Does it seem as if the price of oil has been unusually volatile lately? Today, it rose nearly 2% , while earlier in the month it dropped to 19-month lows. Throughout history, speculators have moved the commodities market, but is there more going on now than meets the eye? On today’s “Power Lunch” CNBC’s Sue Herera found out....
Tomorrow is the deadline for hedge funds and brokers to comply with SEC rules defining the use of soft dollars. The new rules disqualify spending on extravagant incentives such as front row seats at the Super Bowl. In addition, payments for meals, travel, rent and other perks will also be considered abuses. Critics say this is just the SEC's backdoor attempt to regulate hedge funds.
When the price of natural gas plummeted last Summer, hedge fund Amaranth took a nose dive. Now some investors are worried the same could happen with hedge funds that invested heavily in oil. "In the short term, market sentiment is overwhelmingly bearish and it's possible for (the) price to go lower than $50 (a barrel),” said Victor Shum, an analyst with Purvin & Gertz.
They were the kings of the power and money world in 2006. We are talking about private equity and the billions of dollars of deals these buyout firms put together. So, what lies ahead for private equity? The Wall Street Journal's Henny Sender found out, during her one-on-one interview with David Rubenstein, Co-Founder of the Carlyle Group.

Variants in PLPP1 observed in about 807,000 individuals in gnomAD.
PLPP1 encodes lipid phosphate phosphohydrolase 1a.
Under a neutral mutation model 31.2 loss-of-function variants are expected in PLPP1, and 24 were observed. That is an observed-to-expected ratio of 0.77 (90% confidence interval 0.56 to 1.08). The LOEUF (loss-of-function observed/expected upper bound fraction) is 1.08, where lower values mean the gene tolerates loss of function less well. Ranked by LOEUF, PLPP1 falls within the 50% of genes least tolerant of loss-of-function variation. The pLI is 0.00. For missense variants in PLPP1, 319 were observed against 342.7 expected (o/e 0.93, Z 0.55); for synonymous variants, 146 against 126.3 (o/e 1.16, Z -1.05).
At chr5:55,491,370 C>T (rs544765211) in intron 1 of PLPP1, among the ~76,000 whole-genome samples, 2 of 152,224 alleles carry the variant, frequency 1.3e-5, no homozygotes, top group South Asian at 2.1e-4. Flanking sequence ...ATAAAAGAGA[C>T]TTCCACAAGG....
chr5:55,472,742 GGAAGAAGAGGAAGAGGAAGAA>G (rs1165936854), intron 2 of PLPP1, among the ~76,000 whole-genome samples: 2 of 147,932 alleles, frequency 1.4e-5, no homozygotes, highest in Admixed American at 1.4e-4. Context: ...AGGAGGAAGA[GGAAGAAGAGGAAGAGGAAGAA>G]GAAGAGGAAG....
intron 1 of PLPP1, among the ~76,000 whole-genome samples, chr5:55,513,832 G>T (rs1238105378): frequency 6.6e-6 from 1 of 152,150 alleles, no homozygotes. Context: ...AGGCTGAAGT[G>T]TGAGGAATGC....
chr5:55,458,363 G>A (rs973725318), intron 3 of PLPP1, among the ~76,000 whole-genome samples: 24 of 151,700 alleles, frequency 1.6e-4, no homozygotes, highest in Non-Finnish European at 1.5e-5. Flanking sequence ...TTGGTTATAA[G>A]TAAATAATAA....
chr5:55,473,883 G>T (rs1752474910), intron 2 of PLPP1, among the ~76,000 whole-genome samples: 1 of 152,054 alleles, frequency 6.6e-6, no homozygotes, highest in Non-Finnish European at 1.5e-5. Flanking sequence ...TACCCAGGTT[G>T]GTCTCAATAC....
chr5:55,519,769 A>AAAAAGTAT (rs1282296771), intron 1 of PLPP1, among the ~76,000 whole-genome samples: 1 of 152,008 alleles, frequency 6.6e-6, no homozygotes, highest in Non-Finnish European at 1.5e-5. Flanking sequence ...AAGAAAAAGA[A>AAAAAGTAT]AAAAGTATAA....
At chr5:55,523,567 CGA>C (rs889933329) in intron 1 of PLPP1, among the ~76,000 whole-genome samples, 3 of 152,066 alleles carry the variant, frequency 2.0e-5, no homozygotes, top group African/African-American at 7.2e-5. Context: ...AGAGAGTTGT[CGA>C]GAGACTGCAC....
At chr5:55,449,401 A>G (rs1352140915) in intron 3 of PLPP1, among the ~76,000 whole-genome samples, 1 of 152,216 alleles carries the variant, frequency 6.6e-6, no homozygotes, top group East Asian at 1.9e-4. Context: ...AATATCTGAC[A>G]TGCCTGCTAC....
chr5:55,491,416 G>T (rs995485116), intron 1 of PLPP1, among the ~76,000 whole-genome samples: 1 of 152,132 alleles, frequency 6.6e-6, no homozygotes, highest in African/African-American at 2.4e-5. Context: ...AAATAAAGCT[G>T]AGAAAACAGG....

It may be harder now for the small investor to get into hedge funds, but will that dampen their appeal in 2007? CNBC asked Wall Street Journal Reporter Gregory Zuckerman what he expects from hedge fund investments, in the year ahead. Zuckerman said that overall hedge funds under performed by a couple of percentage points and that many (money managers) were too bearish on the stock market.
Stock markets around the world opened the New Year on a note of optimism. European shares are close to six year highs this morning, and Hong Kong closed just under its all time high. U.S. stock exchanges are closed in honor of the national day of mourning for President Gerald Ford. Services for Ford are held this morning. Our Hampton Pearson will be there, and John Harwood will discuss President Ford's legacy.